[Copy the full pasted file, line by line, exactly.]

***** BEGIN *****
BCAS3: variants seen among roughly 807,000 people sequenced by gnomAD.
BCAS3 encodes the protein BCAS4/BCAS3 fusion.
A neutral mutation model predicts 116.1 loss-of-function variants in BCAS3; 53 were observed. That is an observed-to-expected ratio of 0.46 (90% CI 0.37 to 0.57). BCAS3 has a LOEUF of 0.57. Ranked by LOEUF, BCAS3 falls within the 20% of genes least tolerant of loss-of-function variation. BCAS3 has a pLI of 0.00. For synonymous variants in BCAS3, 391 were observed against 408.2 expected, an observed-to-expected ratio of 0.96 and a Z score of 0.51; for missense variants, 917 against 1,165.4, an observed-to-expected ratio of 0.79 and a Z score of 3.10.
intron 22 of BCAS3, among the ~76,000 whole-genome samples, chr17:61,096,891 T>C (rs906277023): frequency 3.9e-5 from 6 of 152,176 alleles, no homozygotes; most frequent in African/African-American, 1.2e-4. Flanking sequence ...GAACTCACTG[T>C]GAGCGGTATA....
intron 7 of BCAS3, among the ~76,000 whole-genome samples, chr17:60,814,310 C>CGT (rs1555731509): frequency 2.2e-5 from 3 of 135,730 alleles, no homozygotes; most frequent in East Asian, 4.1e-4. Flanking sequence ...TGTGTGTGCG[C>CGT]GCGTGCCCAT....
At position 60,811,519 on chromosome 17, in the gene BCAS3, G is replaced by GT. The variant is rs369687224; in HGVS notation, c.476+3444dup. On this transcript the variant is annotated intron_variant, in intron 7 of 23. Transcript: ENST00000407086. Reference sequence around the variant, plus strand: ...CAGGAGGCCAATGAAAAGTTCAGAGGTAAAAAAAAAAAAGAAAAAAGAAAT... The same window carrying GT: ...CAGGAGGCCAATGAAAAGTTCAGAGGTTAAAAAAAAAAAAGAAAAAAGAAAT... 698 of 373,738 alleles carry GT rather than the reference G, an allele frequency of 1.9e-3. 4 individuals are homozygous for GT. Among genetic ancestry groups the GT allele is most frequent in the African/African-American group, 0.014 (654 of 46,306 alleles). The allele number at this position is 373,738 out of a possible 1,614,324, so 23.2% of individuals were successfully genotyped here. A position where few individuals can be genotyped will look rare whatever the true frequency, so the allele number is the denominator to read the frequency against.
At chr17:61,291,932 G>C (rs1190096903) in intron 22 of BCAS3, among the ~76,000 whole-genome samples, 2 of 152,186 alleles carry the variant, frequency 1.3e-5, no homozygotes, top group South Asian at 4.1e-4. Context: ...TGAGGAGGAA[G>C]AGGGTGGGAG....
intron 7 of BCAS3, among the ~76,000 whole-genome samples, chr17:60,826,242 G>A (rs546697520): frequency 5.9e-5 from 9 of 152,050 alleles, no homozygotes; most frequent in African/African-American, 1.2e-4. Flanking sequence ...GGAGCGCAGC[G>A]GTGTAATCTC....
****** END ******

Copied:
BCAS3: variants seen among roughly 807,000 people sequenced by gnomAD.
BCAS3 encodes the protein BCAS4/BCAS3 fusion.
A neutral mutation model predicts 116.1 loss-of-function variants in BCAS3; 53 were observed. That is an observed-to-expected ratio of 0.46 (90% CI 0.37 to 0.57). BCAS3 has a LOEUF of 0.57. Ranked by LOEUF, BCAS3 falls within the 20% of genes least tolerant of loss-of-function variation. BCAS3 has a pLI of 0.00. For synonymous variants in BCAS3, 391 were observed against 408.2 expected, an observed-to-expected ratio of 0.96 and a Z score of 0.51; for missense variants, 917 against 1,165.4, an observed-to-expected ratio of 0.79 and a Z score of 3.10.
intron 22 of BCAS3, among the ~76,000 whole-genome samples, chr17:61,096,891 T>C (rs906277023): frequency 3.9e-5 from 6 of 152,176 alleles, no homozygotes; most frequent in African/African-American, 1.2e-4. Flanking sequence ...GAACTCACTG[T>C]GAGCGGTATA....
intron 7 of BCAS3, among the ~76,000 whole-genome samples, chr17:60,814,310 C>CGT (rs1555731509): frequency 2.2e-5 from 3 of 135,730 alleles, no homozygotes; most frequent in East Asian, 4.1e-4. Flanking sequence ...TGTGTGTGCG[C>CGT]GCGTGCCCAT....
At position 60,811,519 on chromosome 17, in the gene BCAS3, G is replaced by GT. The variant is rs369687224; in HGVS notation, c.476+3444dup. On this transcript the variant is annotated intron_variant, in intron 7 of 23. Transcript: ENST00000407086. Reference sequence around the variant, plus strand: ...CAGGAGGCCAATGAAAAGTTCAGAGGTAAAAAAAAAAAAGAAAAAAGAAAT... The same window carrying GT: ...CAGGAGGCCAATGAAAAGTTCAGAGGTTAAAAAAAAAAAAGAAAAAAGAAAT... 698 of 373,738 alleles carry GT rather than the reference G, an allele frequency of 1.9e-3. 4 individuals are homozygous for GT. Among genetic ancestry groups the GT allele is most frequent in the African/African-American group, 0.014 (654 of 46,306 alleles). The allele number at this position is 373,738 out of a possible 1,614,324, so 23.2% of individuals were successfully genotyped here. A position where few individuals can be genotyped will look rare whatever the true frequency, so the allele number is the denominator to read the frequency against.
At chr17:61,291,932 G>C (rs1190096903) in intron 22 of BCAS3, among the ~76,000 whole-genome samples, 2 of 152,186 alleles carry the variant, frequency 1.3e-5, no homozygotes, top group South Asian at 4.1e-4. Context: ...TGAGGAGGAA[G>C]AGGGTGGGAG....
intron 7 of BCAS3, among the ~76,000 whole-genome samples, chr17:60,826,242 G>A (rs546697520): frequency 5.9e-5 from 9 of 152,050 alleles, no homozygotes; most frequent in African/African-American, 1.2e-4. Flanking sequence ...GGAGCGCAGC[G>A]GTGTAATCTC....